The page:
[conspire] Fraudulent SSL certs for *.google.com from DigiNotar
rick at linuxmafia.com
Mon Aug 29 20:38:15 PDT 2011
Hullo, what have we here?
Fraudulent *.google.com Certificate
08.29.11 - 02:59pm
Mozilla was informed today about the issuance of at least one
fraudulent SSL certificate for public websites belonging to Google, Inc.
This is not a Firefox-specific issue, and the certificate has now been
revoked by its issuer, DigiNotar. This should protect most users.
Because the extent of the mis-issuance is not clear, we are releasing
new versions of Firefox for desktop (3.6.21, 6.0.1, 7, 8, and 9) and
mobile (6.0.1, 7, 8, and 9), Thunderbird (3.1.13, and 6.0.1) and
SeaMonkey (2.3.2) shortly that will revoke trust in the DigiNotar root
and protect users from this attack. We encourage all users to keep their
software up-to-date by regularly applying security updates. Users can
also manually disable the DigiNotar root through the Firefox
Preferences, Advanced, Encryption tab, View Certificates. Authorities
tab (showing a scrolling list of Certificate Authorities = CAs whose
signatures of SSL certs Firefox is prepared to trust). Scroll down to
DigiNotar, which has one entry:
Certificate Name Security Device
DigiNotar Root CA Builtin Object Token
DigiNotar is a CA in the Netherlands. News story:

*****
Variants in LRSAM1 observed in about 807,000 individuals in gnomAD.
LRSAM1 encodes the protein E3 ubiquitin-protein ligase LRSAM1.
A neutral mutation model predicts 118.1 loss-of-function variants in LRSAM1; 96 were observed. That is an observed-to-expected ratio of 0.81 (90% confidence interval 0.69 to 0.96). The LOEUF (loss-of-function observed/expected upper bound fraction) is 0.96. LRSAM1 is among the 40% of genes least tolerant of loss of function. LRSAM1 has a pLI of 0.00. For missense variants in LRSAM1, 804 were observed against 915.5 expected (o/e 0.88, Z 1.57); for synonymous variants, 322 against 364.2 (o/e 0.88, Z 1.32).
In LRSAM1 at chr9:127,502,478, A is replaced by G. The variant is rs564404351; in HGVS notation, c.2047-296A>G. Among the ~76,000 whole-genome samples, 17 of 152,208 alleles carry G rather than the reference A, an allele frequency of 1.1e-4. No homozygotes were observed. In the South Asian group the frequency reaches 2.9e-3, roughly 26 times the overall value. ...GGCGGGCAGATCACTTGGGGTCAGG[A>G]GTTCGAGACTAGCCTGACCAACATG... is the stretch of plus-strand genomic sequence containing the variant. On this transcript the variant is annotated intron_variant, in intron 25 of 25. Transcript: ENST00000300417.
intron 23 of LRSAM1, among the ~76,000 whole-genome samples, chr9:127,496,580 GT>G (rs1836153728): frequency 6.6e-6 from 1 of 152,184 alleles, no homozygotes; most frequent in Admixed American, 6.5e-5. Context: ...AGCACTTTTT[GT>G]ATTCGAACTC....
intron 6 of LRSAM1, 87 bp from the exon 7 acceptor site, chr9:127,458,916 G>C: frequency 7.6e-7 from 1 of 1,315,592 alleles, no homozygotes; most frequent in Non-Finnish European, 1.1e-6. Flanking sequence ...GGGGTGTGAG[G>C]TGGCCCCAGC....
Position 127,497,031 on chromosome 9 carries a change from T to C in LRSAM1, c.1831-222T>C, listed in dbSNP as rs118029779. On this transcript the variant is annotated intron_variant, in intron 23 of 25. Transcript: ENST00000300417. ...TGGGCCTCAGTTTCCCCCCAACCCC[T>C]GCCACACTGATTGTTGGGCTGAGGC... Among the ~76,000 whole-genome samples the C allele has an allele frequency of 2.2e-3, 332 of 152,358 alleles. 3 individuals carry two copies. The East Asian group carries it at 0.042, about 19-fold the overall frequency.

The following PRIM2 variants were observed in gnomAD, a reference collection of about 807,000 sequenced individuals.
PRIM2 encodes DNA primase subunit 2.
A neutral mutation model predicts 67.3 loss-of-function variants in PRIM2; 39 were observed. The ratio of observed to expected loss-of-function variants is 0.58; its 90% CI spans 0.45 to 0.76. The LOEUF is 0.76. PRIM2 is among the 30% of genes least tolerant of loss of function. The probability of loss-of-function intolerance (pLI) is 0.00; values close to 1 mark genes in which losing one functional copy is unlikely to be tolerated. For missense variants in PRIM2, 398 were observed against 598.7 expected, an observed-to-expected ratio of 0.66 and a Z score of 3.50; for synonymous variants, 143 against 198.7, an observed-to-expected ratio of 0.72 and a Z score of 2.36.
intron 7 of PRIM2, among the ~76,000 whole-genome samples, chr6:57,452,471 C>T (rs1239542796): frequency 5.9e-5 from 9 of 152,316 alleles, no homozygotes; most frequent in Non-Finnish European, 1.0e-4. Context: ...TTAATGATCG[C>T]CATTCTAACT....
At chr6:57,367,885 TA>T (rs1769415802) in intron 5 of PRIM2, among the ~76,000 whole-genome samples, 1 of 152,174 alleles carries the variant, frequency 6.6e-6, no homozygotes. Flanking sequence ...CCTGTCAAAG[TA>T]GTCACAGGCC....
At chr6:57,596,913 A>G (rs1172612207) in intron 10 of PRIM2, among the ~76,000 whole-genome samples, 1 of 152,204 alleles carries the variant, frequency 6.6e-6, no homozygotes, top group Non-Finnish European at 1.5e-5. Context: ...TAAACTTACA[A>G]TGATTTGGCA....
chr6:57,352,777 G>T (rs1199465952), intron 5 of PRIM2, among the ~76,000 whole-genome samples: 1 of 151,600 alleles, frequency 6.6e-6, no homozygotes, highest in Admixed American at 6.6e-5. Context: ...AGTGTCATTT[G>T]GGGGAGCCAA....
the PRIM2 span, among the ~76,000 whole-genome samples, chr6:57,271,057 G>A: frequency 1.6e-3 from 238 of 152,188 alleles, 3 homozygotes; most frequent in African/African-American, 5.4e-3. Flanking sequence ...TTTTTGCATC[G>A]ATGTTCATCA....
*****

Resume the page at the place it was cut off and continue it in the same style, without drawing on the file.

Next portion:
Statements issued by Google and Mozilla shortly after this article was
first published indicate a growing mistrust of DigiNotar, which in
January was acquired by VASCO Data Security, a maker of two-factor
tokens and other authentication products.
"While we investigate, we plan to block any sites whose certificates
were signed by DigiNotar," a statement issued by Google announced.
VASCO Data Security is in Illinois.
There are a lot of wild accusations flying about claiming that unstated
Iranian interests produced the phony DigiNotar-attested cert, which
seems completely non-credible. The only thing Iranian in this picture
is the good guy, an Iranian going by the name 'Alibo', who reported the
forgery in a GMail help forum over the weekend.
However, this incident comes hard on the heels of a CA named Comodo
making a much worse gaffe, attesting to nine fraudulent SSL certs for
such sites as Google, Yahoo, Skype and Microsoft's Hotmail, for which a
pseudonymous Iranian claimed responsibility:
Anyway, more than sufficient reason to delete Commodo's CA entries, too.
More usefully, that's more than sufficient reason to break the habit of
trusting SSL certs just because some goofball firm you've never heard of
signed it for money. Consider CertWatch: http://certwatch.simos.info/
More information about the conspire